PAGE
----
Pleasantville was very well-received by critics. It's interesting that this seems the type of movie that on the surface would tend to fare better with audiences than critics, but in fact, the reverse was true. It had a whopping budget of $60 million dollars, most likely due to expensive special effects. It only recouped about $49 million, which isn't by itself a bad turn for a film, but when matched against its budget, it definitely lost dough for its studio. It was nominated for three Academy Awards (Costume Design, Art Direction and Original Score), winning none. Joan Allen missed out on recognition from the big televised awards shows, but she won critics awards for best supporting actress from the Los Angeles Film Critics Association, Boston Society of Film Critics, Dallas-Fort Worth Film Critics Association, Online Film Critics Society, Southeastern Film Critics Association, the Satellite Award, Saturn Award, Critics Choice  Award for Best Supporting Actress, and was nominated by Chicago Film Critics Association. A pretty impressive haul for a performance that didn't even manage a Golden Globe nod. 



  1. I haven't seen this movie in an age but I do agree it's a good fit for the time period, and she got some good scenes to sink into. I also remember this had the beautiful Paul Walker as Reese's boyfriend?

    One movie I would have loved to see Meryl in was "Far From Heaven", as an unhappy suburban 50s housewife, so this role would have been a nice compromise to that.

    For 1998 I had a couple of thoughts such as Maude Lebowski in "The Big Lebowski" but it's a little bit more sexual than Meryl might have been comfortable doing, with young kids at home!

    Another idea was technically a co-lead, the would-be murdered wife of Michael Douglas in "A Perfect Murder", as played by Gwyneth Paltrow. I LOVED your suggestion of recasting Meryl in "Romancing The Stone" so much I am sorry these two never acted together, even if it is a Hitchcock rip-off here. Plus Meryl would be perfect as a NY socialite being seduced by a younger man. It's been a while since I watched this but Gwyneth came off as bland in the role. Meryl could have been more compelling, and since it's largely Douglas and Mortensen driving the plot the role could be seen as supporting!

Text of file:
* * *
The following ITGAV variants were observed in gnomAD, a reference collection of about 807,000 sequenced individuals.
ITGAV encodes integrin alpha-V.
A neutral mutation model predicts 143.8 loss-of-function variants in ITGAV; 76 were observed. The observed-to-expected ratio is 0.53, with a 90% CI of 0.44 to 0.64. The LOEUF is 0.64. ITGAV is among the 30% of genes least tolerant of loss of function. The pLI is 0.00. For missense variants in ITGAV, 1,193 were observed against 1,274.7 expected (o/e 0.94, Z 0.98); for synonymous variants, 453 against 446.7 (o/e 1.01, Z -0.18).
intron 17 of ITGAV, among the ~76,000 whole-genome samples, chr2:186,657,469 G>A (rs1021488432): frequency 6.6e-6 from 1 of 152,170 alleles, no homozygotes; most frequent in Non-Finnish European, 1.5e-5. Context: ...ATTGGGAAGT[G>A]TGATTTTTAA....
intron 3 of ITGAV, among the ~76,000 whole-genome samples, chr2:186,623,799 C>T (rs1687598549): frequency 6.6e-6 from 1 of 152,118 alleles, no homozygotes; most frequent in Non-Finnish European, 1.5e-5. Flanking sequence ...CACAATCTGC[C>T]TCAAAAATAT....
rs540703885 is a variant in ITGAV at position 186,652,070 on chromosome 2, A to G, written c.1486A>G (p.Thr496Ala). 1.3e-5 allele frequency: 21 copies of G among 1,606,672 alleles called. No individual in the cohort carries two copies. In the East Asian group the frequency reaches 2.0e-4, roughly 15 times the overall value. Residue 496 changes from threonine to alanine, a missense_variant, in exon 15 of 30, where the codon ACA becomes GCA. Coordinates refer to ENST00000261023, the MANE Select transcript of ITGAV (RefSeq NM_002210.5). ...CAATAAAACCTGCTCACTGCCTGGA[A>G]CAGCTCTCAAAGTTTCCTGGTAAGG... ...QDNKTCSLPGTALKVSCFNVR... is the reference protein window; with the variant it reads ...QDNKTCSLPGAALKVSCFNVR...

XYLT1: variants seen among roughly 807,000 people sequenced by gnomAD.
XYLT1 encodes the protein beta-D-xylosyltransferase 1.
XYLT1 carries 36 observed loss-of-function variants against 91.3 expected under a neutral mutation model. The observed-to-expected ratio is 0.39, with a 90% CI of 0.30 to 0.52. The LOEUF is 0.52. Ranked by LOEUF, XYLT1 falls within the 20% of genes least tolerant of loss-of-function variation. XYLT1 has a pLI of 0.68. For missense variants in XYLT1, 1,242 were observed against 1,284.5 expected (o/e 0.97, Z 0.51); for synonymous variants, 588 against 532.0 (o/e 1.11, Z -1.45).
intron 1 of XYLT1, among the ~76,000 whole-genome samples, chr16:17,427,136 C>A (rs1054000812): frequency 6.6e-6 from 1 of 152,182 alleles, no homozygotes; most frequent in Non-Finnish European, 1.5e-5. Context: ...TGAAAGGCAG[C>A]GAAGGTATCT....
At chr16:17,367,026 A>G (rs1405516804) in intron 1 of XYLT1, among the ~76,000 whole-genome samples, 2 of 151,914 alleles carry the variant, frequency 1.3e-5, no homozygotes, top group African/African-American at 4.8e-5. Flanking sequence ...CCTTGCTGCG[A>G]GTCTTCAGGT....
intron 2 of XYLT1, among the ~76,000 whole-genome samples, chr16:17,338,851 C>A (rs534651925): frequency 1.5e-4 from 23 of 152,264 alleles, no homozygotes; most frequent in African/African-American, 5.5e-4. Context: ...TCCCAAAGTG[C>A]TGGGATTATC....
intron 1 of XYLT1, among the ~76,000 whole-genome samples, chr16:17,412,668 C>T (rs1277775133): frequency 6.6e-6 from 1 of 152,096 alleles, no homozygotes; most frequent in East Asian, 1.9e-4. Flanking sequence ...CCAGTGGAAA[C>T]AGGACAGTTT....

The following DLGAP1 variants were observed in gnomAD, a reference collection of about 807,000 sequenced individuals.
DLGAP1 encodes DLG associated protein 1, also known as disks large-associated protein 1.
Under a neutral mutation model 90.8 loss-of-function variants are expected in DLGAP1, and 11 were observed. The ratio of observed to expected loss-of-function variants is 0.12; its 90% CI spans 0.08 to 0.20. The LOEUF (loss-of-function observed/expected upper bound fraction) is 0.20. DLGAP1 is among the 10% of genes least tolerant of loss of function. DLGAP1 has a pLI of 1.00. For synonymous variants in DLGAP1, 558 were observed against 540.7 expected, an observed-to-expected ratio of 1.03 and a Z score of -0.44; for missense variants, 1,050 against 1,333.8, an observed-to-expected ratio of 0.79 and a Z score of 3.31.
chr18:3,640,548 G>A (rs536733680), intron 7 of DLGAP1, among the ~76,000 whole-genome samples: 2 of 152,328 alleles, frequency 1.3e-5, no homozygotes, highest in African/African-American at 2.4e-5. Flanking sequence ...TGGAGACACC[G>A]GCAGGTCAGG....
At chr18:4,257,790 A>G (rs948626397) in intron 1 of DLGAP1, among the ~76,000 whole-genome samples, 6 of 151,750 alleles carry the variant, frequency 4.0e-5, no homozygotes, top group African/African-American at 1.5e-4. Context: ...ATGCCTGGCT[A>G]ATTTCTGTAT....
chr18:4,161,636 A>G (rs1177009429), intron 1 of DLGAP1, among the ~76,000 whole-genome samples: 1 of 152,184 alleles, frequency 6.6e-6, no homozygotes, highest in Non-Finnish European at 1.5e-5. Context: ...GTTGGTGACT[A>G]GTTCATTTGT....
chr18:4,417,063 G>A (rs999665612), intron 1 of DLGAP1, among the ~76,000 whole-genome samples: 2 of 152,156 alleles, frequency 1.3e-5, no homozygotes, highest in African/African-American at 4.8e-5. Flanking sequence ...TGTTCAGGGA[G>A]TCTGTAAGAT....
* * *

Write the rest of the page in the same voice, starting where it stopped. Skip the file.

My actual choice is gender-switch casting, playing the creator and director of "The Truman Show", the Ed Harris role. I don't think I've taking a role originated by a man before but I feel having a female playing the ruthless, god-like "villain" would have been an interesting touch to a modern classic. She and Carey could have made magic together when he finally got to confront her. I only saw this movie for the first time during lockdown and found it clever and prescient. I do like Jim Carey when he isn't "on" in a performance. Plus, Laura Linney!

    1. Ah yes Paul Walker RIP. He was gorgeous in this film, and I remember him clearly when I was a closeted teen.

      Such great suggestions, Charlie! I love Far from Heaven and I considered it for my lead casting project. Spoiler: we'll be seeing something from Todd Haynes in this supporting project...I had to find something! I've seen The Big Lebowski (partially). My husband's siblings love this movie and I was present once when they had it on, but they were quoting it so much and laughing that I wasn't really even able to glean what the story was about. We still joke about it.

      I'm ashamed to say I've never seen The Truman Show. And I really enjoy Jim Carey! I'm considering doing a gender-swapping recasting project as well, and I should watch this movie to consider the same suggestion you make with Harris's role!

  2. Pleasantville is an amazing movie i've seen this movie in my child hood i am so glad that you have write about this movie thank you for this. 49ers Gold Jacket